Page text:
Confessions from an Idiot Fisherman

rainbow

My blogging came to a skidding halt because of the spotty Internet service where I am located, at an elevation of 8180 feet. Today was my first taste of success in the South Fork of the Rio Grande, fly fishing. On previous attempts the past couple of days, I only managed to catch a few small trout–too small to keep and eat. Finally this morning, I managed to land one large enough for the skillet. But it didn’t come easily. I’m only glad there were no witnesses.

I was fishing a dry mayfly with a bead-headed pheasant tail nymph trailing 18″ behind. The dry fly could serve either as a strike indicator, or even provide bait for a trout willing to rise. This beautiful rainbow scooped my nymph off the bottom and headed out into the current. Daily rainfall has made this stream swift, murky and rather dangerous for wading. I was already in knee-deep water, unable to see my feet underneath, and in a precarious position.

I did manage to get the trout close enough to slip a net under him. But stupid me decided not to spend money on a tether to keep the net attached to me. It slipped from my hands and began floating swiftly downstream. Thinking myself a quick thinker on my feet, I steered the trout into the floating net, like sinking a basketball through a hoop, and began pulling the trout and net toward me. But the trout slipped out of the net. Again, I steered him into the drifting net and began to pull on them both, and again, he slipped out. Finally, I managed to get my hand on the trout, and watching the net float away, I decided not to dig in my pouch for the forceps, but to remove the nymph from his upper lip by hand. Once I completed this rather quickly, I then noticed with despair that my dry fly had hung into my shirt. Now, with one hand on the trout and the rod under my armpit, I pried the fly loose from my shirt with my free hand. Tossing the fly rod toward the bank, I then began stepping and stumbling as rapidly as I could downstream to retrieve my floating net. I had to plough through about a hundred feet of stream before I reached the net, and then clumsily dropped the trout into the net like tossing a doll into a wastebasket.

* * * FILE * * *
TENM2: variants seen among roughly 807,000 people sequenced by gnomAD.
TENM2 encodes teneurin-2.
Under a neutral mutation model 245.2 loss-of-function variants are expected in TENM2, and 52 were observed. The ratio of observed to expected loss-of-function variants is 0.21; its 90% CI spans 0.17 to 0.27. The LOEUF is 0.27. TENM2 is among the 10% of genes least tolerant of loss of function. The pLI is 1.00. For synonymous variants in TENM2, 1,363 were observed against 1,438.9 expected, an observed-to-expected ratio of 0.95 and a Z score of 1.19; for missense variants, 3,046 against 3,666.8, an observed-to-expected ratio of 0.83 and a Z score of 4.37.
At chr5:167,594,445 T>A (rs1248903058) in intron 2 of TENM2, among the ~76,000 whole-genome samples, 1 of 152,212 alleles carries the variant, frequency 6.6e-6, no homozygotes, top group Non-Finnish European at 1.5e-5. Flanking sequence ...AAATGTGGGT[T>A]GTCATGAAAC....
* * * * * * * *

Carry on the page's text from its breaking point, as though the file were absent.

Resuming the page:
Wading to shore, I drew out the stringer from the bib of my waders, attached the trout, dropped him into the water, and tied the rope of the stringer around a tree. Then I had to go upstream about a hundred feet to retrieve my flyrod. Stupid is as stupid does. Again, I’m so glad no one watched this slapstick debacle. The trout has been cleaned and is now in the refrigerator, but I’m not sure when I’m going to serve him up.

Thanks for reading.

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6 Responses to “Confessions from an Idiot Fisherman”

  1. Bob Cook Says:

    Very funny- But, I guess you had to be there!

    Like

  2. Lisa Cihlar Says:

    Lol Pat McManus would
    love this story!

    Like

  3. Lisa Gordon Says:

    But this is what memories are made of! 🙂

    Like

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